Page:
a. ​Wechsler Scales for Children
  b. ​Kaufman Assessment Battery for Children
  c. ​Child Behavior Checklist
  d. ​Rorschach Inkblot Test

 

ANSWER:   c
DIFFICULTY:   Easy
REFERENCES:   Assessing Disorders
KEYWORDS:   Bloom’s: Understand

 

34. A clearly defined group used to compare an individual child’s test score against is called a:​

  a. ​reference group
  b. ​comparative group
  c. ​standard group
  d. ​norm group

 

ANSWER:   d
DIFFICULTY:   Easy
REFERENCES:   Assessing Disorders
KEYWORDS:   Bloom’s: Understand

 

35. The most commonly used intelligence scale today is the ____.​

  a. ​Stanford-Binet 5 (SB5)
  b. ​Wechsler Intelligence Scale for Children (WISC-IV)
  c. ​Kaufman Assessment Battery for Children (K-ABC-II)
  d. ​Rorschach Inkblot Test

 

ANSWER:   b
DIFFICULTY:   Easy
REFERENCES:   Assessing Disorders
KEYWORDS:   Bloom’s: Understand

 

36. The Wechsler Intelligence Scale for Children (WISC-IV) provides a measure of:​

  a. ​verbal comprehension and working memory
  b. ​personality profile
  c. ​psychological abnormality
  d. ​emotional stability

 

ANSWER:   a
DIFFICULTY:   Easy
REFERENCES:   Assessing Disorders
KEYWORDS:   Bloom’s: Understand

 

37. The Rorschach Test is an example of a(n) ____ test.​

  a. ​intelligence
  b. ​achievement
  c. ​projective
  d. ​objective

 

ANSWER:   c
DIFFICULTY:   Easy
REFERENCES:   Assessing Disorders
KEYWORDS:   Bloom’s: Understand

 

38. Projective tests ____ with children.​

  a. ​should not be used
  b. ​are one of the most commonly used assessment methods
  c. ​are one of the least commonly used assessment methods
  d. ​have not been designed specifically for use

 

ANSWER:   b
DIFFICULTY:   Easy
REFERENCES:   Assessing Disorders
KEYWORDS:   Bloom’s: Understand

 

39. Neuropsychological assessments are primarily used to ____.​

  a. ​identify underlying brain lesions
  b. ​identify genetic abnormalities
  c. ​make inferences about central nervous system dysfunction
  d. ​diagnose mental deficits

 

ANSWER:   c
DIFFICULTY:   Easy
REFERENCES:   Assessing Disorders
KEYWORDS:   Bloom’s: Understand

 

40. Functions assessed in neuropsychological tests are most likely to include ____.​

  a. ​social
  b. ​perceptual
  c. ​physical
  d. ​personality

 

ANSWER:   b
DIFFICULTY:   Easy
REFERENCES:   Assessing Disorders
KEYWORDS:   Bloom’s: Understand

 

41. Categorical classification systems are based primarily on ____.​

  a. ​underlying etiologic bases of the disorders classified
  b. ​normative data
  c. ​informed clinical consensus
  d. ​multivariate statistical methods

 

ANSWER:   c
DIFFICULTY:   Easy
REFERENCES:   Classification and Diagnosis
KEYWORDS:   Bloom’s: Understand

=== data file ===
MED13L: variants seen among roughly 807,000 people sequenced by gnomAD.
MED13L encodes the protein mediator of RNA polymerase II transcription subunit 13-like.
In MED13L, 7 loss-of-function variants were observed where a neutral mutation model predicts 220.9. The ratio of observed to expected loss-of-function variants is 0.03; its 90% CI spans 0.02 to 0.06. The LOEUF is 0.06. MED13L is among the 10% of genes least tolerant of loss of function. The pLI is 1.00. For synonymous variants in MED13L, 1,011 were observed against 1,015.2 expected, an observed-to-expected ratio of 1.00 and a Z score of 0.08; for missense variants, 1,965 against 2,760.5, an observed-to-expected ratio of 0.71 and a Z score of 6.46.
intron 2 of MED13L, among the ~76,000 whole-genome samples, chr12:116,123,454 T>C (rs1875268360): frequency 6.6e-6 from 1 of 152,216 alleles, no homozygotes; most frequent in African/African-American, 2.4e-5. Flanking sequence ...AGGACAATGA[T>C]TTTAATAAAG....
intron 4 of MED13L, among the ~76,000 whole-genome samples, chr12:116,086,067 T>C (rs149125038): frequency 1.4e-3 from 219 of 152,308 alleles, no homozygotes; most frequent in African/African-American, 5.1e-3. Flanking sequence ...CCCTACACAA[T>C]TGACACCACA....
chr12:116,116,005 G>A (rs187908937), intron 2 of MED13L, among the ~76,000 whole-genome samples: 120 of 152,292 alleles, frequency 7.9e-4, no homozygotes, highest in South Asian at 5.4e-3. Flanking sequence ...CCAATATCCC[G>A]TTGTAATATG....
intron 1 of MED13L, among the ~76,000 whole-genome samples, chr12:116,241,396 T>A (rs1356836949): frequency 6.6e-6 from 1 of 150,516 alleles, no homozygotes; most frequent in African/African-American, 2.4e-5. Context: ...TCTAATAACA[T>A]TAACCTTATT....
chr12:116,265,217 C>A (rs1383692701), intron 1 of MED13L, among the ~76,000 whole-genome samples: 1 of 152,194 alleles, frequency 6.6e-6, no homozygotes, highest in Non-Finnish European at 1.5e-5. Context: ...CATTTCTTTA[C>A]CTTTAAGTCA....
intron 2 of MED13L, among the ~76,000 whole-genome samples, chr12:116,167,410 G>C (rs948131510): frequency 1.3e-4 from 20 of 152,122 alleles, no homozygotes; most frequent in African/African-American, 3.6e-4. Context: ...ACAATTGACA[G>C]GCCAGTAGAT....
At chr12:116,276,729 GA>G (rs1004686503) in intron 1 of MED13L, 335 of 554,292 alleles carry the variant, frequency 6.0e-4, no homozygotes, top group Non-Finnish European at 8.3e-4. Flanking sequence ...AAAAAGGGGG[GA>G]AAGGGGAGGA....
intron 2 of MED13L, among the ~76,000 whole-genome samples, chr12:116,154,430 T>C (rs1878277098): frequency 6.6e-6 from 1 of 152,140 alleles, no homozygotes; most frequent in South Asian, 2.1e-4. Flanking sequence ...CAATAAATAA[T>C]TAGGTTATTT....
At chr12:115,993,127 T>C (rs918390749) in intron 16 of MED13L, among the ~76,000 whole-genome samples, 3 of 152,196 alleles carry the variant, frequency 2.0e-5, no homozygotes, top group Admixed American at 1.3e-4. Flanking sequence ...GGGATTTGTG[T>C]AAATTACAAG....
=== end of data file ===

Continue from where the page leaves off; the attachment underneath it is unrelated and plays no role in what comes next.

42. The ____ classification approach assumes that all children possess the same traits to varying degrees.​

  a. ​trait
  b. ​categorical
  c. ​feature
  d. ​dimensional

 

ANSWER:   d
DIFFICULTY:   Easy
REFERENCES:   Classification and Diagnosis
KEYWORDS:   Bloom’s: Understand

 

43. Which symptom would be characteristic of the anxious/depressed dimension of child psychopathology?​

  a. ​feels worthless
  b. ​refuses to talk
  c. ​gets teased
  d. ​strange ideas

 

ANSWER:   a
DIFFICULTY:   Easy
REFERENCES:   Classification and Diagnosis
KEYWORDS:   Bloom’s: Understand

 

44. Which behavior would be characteristic of someone with issues on the internalizing behavior dimension?​

  a. ​hitting another child in anger
  b. ​refusing to sit in a seat at school
  c. ​feeling sad all of the time
  d. ​intentionally hurting another child’s feelings

 

ANSWER:   c
DIFFICULTY:   Moderate
REFERENCES:   Classification and Diagnosis
KEYWORDS:   Bloom’s: Apply

 

45. How would a clinician diagnosing a child who might have ADHD best approach the diagnosis?​

  a. ​use the categorical model to determine severity of symptoms
  b. ​use the dimensional model to determine context
  c. ​draw from intelligence tests to determine category and dimension
  d. ​combine category with measure of severity through dimension

 

ANSWER:   d
DIFFICULTY:   Moderate
REFERENCES:   Classification and Diagnosis
KEYWORDS:   Bloom’s: Apply

 

46. Which activity is particularly compatible with the dimensional approach?​

  a. ​communicating with other clinicians
  b. ​researching the degree of association between two variables
  c. ​creating a treatment plan based on all of the child behaviors
  d. ​taking the entire package of child behaviors into account when diagnosing

 

ANSWER:   b
DIFFICULTY:   Easy
REFERENCES:   Classification and Diagnosis
KEYWORDS:   Bloom’s: Understand

 

47. Interventions are ____.​

  a. ​unique to the field of psychology
  b. ​designed to maintain the status quo
  c. ​problem-solving strategies
  d. ​typically rejected by children and families

 

ANSWER:   c
DIFFICULTY:   Moderate
REFERENCES:   Treatment and Prevention
KEYWORDS:   Bloom’s: Understand

 

48. Which of the following is a criticism of the DSM-5?​

  a. ​It fails to capture the simplicity of influences on child psychopathology.
  b. ​It gives relatively less attention to disorders of infancy and childhood than to those of adulthood.
  c. ​It lacks sufficient emphasis on situational and contextual factors.